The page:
FentyxPuma, Off-White, Yeezy, VetementsxChampion, SupremexLouis Vuitton.
Finally, after long last, the luxury fashion industry is taking note of a genre of clothing that has been brewing in the background for a while now.
Although an already prominent style among the masses (from Sports Direct to Liverpool FC shirts), streetwear has never really achieved recognition within the fashion community for its originality and expression of individuality. In the past, it has merely been accepted as practical clothing for physical activity. That is, until now.
In recent years, streetwear has come to the fore, at both fashion week and on social media. No street style review or instagram feed is complete without a pair of trainers or an oversized hoodie. This, once exclusive and elusive, bubble of style has exploded into a legitimate clothing option among the most elite in the luxury industry; even the most exclusive and prestigious of restaurants accept customers bearing what was once considered ‘inappropriate informal wear’ (provided it all hails from a high-end brand). Every blogger, editor or model now views a pair of designer trainers, a duffle bag, or even a skateboard, as an essential wardrobe item.
Of course, where the luxury industry beelines for, investors naturally follow, like a dog to scent. Those who would commonly play for safe bets in LVMH, and Kering are becoming increasingly more appreciative of more niche areas of the luxury market. The “hype” sector, one among these niches, is certainly being taken more seriously. Supreme recently revealed that the Carlyle Group, a major private equity firm, had invested in them. To be among oil and energy companies in the fund’s investment portfolio is indeed promising for the brand, despite a nigling feeling that it is somewhat out of place among its counterparts. The faith Carlyle has in Supreme is signified by its valuation, at a whopping $1 billion USD, and a rumoured 50% stake.
So, why such a bold exhibition of trust in an anti-establishment and all together controversial brand?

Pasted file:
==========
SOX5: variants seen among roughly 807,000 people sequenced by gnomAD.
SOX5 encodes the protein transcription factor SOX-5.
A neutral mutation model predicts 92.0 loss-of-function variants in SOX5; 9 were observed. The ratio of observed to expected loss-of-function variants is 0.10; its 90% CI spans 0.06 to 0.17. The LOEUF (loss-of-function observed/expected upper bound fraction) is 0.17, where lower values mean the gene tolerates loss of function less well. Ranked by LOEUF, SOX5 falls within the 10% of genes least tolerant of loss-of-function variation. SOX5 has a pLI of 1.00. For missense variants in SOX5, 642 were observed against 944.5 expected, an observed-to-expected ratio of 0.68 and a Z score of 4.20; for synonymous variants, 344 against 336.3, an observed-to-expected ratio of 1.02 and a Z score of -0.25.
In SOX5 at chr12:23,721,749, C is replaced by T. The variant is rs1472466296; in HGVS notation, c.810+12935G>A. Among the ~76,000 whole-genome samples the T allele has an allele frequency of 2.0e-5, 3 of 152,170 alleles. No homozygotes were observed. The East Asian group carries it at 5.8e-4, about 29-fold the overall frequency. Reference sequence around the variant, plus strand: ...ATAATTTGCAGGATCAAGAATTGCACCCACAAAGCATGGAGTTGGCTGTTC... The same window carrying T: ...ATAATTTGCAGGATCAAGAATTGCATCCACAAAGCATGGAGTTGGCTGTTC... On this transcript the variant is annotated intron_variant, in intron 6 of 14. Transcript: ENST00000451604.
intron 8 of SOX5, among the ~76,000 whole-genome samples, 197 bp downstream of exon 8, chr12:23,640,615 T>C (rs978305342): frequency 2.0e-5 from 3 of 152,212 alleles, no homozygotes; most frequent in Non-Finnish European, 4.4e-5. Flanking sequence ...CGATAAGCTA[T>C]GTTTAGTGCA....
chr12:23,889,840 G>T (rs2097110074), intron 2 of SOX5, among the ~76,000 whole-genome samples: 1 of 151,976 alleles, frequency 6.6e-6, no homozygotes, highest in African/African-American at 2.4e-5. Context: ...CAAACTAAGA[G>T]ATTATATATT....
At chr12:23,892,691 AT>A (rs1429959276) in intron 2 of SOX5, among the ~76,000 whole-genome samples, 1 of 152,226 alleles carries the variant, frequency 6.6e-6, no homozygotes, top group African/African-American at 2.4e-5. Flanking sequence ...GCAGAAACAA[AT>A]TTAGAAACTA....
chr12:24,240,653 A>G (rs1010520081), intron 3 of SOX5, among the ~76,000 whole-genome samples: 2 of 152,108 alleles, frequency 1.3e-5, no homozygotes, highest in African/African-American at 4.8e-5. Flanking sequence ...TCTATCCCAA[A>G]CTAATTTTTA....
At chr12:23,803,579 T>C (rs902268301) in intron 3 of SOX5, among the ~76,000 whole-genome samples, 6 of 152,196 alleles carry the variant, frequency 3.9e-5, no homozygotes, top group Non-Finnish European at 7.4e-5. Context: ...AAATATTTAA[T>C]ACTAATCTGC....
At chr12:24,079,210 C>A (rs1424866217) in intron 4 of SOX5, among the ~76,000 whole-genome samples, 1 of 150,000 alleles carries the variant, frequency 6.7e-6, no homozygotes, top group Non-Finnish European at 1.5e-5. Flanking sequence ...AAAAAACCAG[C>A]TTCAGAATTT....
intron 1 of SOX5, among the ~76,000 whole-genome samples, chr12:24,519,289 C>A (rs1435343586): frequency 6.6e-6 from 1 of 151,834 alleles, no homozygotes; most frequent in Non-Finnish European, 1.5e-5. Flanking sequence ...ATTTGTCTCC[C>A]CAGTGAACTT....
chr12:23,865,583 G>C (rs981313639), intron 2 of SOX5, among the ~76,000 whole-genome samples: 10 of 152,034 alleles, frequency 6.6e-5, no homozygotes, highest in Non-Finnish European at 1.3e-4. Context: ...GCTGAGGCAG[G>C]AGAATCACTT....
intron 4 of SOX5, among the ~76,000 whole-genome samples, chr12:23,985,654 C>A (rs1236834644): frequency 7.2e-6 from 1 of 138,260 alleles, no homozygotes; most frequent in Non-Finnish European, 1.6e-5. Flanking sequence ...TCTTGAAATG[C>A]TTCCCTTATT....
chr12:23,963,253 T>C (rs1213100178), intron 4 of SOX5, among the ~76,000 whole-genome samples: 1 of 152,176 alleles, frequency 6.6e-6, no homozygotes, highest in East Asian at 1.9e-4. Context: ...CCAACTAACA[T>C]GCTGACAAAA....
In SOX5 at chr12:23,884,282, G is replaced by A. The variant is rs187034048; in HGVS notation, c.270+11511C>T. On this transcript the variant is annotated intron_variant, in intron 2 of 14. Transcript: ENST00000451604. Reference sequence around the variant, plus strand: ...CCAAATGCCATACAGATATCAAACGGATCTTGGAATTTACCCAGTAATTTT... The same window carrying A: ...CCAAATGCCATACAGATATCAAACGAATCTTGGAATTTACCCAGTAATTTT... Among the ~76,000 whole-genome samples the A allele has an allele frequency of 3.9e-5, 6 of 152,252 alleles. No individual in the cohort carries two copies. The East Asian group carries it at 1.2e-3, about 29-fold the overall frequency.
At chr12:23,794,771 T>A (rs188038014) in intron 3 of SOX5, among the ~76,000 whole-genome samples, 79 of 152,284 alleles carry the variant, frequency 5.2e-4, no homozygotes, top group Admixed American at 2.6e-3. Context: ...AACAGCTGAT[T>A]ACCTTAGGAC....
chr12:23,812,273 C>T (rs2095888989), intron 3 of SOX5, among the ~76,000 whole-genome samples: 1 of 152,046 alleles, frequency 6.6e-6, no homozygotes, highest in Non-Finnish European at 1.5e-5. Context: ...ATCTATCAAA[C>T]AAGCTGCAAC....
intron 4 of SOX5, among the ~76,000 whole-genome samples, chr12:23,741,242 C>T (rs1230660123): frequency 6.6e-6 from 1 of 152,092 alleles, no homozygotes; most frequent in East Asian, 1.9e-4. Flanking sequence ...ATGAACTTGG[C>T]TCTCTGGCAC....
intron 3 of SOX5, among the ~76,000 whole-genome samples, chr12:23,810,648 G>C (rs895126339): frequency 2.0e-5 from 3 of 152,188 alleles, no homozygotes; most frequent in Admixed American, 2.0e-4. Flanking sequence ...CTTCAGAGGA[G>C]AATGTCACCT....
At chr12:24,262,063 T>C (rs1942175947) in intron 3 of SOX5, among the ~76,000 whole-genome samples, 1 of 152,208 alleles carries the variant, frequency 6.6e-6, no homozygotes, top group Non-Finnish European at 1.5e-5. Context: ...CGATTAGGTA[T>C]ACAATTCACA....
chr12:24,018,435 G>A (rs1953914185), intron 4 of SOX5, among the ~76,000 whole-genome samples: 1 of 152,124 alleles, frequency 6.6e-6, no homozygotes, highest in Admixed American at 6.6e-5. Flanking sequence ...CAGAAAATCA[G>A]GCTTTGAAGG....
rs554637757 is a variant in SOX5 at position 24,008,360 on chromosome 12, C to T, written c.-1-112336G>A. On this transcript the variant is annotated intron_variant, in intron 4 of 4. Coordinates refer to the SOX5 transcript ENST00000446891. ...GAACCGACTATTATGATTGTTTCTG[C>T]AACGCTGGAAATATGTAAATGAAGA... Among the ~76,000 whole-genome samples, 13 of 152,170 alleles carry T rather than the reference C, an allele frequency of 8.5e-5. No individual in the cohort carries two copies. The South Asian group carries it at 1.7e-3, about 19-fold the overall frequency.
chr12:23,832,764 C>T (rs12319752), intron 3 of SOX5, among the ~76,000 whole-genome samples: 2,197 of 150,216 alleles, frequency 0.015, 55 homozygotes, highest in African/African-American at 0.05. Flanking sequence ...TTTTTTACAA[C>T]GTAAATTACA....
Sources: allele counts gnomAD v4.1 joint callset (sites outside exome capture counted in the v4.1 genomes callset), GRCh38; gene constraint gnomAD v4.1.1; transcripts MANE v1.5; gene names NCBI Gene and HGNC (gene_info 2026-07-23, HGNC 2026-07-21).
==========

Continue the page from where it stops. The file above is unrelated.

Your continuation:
Streetwear, with its standard-bending enigmatic approach and high price tags, is becoming increasingly popular among the younger population, especially in Asia. This may, in fact, be down to the fact that most under 35’s continue to live at home, the overwhelming density of living in major cities, overpopulation, and as a result, sky-high house prices. With an increasing disposable income, most of the wealthy and young seek status symbols, which come in the shape of luxury fashion and sensationalism, given the immediacy with which a trend can emerge on social platforms. Enter, highly (yet seemingly reasonable) priced Streetwear with a strong and identifiable brand.
But, why not just opt for the go-to, high fashion brands, with a deep heritage and reputation in the industry? The answer lies in the fact that Streetwear maintains both a loud and proud brand, simultaneously to providing originality, imagination and gutsy humour. Designers such as Thom Browne, for example, a pioneer by any standards of the tailored streetwear genre, now have successful stores on an incredibly international basis.
Perhaps, this is what Supreme is aiming for. Having become accustomed to the market and figures, they are no doubt setting their sights on a presence in large consumer economies, such as China. In order to penetrate this particular area of fashion, however, you need the funds to prevent the bombardment of counterfeits you undoubtedly face. Quashing counterfeits has no doubt been a top priority for Supreme (and other Streetwear brands), who ensure, while at this scale, they provide at a very minimal level, having shut down stores within hours of the LV collaboration drop, due to the number of fakes already being passed around. This, no doubt being an expensive branding technique, would need the increased funds to maintain on an internationally expanded level.
Some might argue, however, that the fun for Supreme might not last. The brand is already facing backlash from its core customer interest, who believe that the house has become a “sell-out”. Skaters and brand reps are already speaking out about their dissatisfaction with the latest moves made by what was once their favourite brand. Supreme, like brands such as Abercrombie and Fitch and Jack Wills, is at high risk of losing their edge and their cool to what many might consider to be greed.